DeanCollinsParticipant@deancollinsJoin Date: 2015Post Count: 376
Can the RBA really go to 1.5%
….and if they do why is everyone so negative property eg wouldn’t this drive purchase prices up? (Though I think we are already paying too much and I think it sucks as I’m playing the long game for 20 years from now….not interested in how the next 2-4 years gains go haywire etc).CharlieXParticipant@charliexJoin Date: 2015Post Count: 98
“cut the official cash rate from 2.25% to 1.5% by late 2015” sounds like a real way to stimulate the economy?
this whole concept of manipulating the economy will eventually cause a crash. whatever happen to relying on supply and demand?
even if RBA plays with the cash rate, it’s not a direct relationship that the lenders will response as we have seen before. it’s actually a great way to make the big 4 lenders fatter?Jason StaggersParticipant@jason_staggersJoin Date: 2006Post Count: 61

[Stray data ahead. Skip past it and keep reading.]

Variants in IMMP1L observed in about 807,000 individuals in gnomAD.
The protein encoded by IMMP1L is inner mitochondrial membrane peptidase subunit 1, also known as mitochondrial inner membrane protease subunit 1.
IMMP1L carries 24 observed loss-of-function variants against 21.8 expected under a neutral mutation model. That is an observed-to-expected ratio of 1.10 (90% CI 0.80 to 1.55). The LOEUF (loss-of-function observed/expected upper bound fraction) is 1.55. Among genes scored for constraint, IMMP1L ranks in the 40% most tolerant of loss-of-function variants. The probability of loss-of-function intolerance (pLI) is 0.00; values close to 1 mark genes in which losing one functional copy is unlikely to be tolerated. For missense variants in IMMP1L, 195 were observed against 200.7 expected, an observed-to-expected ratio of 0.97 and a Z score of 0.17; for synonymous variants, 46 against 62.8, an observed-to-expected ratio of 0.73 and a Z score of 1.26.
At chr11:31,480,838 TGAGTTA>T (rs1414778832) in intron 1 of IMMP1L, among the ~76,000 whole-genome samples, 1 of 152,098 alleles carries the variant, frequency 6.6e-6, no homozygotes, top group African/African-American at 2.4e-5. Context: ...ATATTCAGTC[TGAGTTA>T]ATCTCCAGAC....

I wouldn’t be the least bit surprised if we hit 1.5%. It seems easing is all the rage with the central banks of the world today. And considering the time Glenn Stevens spent under the tutelage of the Federal Reserve Bank of San Francisco, we might even see their .25%.DeanCollinsParticipant@deancollinsJoin Date: 2015Post Count: 376Jason StaggersParticipant@jason_staggersJoin Date: 2006Post Count: 61
That’s definitely a concern @deancollins. Rates will eventually revert to their historical mean. Once we hit the bottom, whenever that is, we will have attracted more and more speculators into the market which will make the inevitable pull back all the more painful. This is why I think the Austrian economists were onto something. Like @charliex hinted at, the more government intervenes, the less supply and demand can naturally weed out inefficiencies.